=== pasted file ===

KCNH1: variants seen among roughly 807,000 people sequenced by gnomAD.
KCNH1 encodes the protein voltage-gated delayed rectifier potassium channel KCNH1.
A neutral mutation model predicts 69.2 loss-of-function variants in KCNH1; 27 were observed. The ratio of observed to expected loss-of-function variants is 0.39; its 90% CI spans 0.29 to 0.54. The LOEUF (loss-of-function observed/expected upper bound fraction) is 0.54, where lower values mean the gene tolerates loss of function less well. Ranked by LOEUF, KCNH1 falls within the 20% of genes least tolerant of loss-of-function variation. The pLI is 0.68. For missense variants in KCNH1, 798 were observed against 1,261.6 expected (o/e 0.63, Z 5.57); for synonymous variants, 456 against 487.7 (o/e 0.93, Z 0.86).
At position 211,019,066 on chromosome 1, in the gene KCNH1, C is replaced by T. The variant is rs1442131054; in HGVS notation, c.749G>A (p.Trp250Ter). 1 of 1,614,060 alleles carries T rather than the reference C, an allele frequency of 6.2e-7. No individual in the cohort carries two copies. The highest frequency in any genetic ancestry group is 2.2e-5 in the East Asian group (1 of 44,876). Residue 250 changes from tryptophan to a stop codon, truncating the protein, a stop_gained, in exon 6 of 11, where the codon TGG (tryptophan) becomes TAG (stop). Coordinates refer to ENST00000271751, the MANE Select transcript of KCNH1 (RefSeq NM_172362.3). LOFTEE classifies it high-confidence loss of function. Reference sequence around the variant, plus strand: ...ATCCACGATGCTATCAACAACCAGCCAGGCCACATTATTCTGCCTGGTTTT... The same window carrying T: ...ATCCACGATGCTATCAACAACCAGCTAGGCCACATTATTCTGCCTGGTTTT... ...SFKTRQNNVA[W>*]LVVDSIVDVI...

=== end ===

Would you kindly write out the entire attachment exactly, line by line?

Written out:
KCNH1: variants seen among roughly 807,000 people sequenced by gnomAD.
KCNH1 encodes the protein voltage-gated delayed rectifier potassium channel KCNH1.
A neutral mutation model predicts 69.2 loss-of-function variants in KCNH1; 27 were observed. The ratio of observed to expected loss-of-function variants is 0.39; its 90% CI spans 0.29 to 0.54. The LOEUF (loss-of-function observed/expected upper bound fraction) is 0.54, where lower values mean the gene tolerates loss of function less well. Ranked by LOEUF, KCNH1 falls within the 20% of genes least tolerant of loss-of-function variation. The pLI is 0.68. For missense variants in KCNH1, 798 were observed against 1,261.6 expected (o/e 0.63, Z 5.57); for synonymous variants, 456 against 487.7 (o/e 0.93, Z 0.86).
At position 211,019,066 on chromosome 1, in the gene KCNH1, C is replaced by T. The variant is rs1442131054; in HGVS notation, c.749G>A (p.Trp250Ter). 1 of 1,614,060 alleles carries T rather than the reference C, an allele frequency of 6.2e-7. No individual in the cohort carries two copies. The highest frequency in any genetic ancestry group is 2.2e-5 in the East Asian group (1 of 44,876). Residue 250 changes from tryptophan to a stop codon, truncating the protein, a stop_gained, in exon 6 of 11, where the codon TGG (tryptophan) becomes TAG (stop). Coordinates refer to ENST00000271751, the MANE Select transcript of KCNH1 (RefSeq NM_172362.3). LOFTEE classifies it high-confidence loss of function. Reference sequence around the variant, plus strand: ...ATCCACGATGCTATCAACAACCAGCCAGGCCACATTATTCTGCCTGGTTTT... The same window carrying T: ...ATCCACGATGCTATCAACAACCAGCTAGGCCACATTATTCTGCCTGGTTTT... ...SFKTRQNNVA[W>*]LVVDSIVDVI...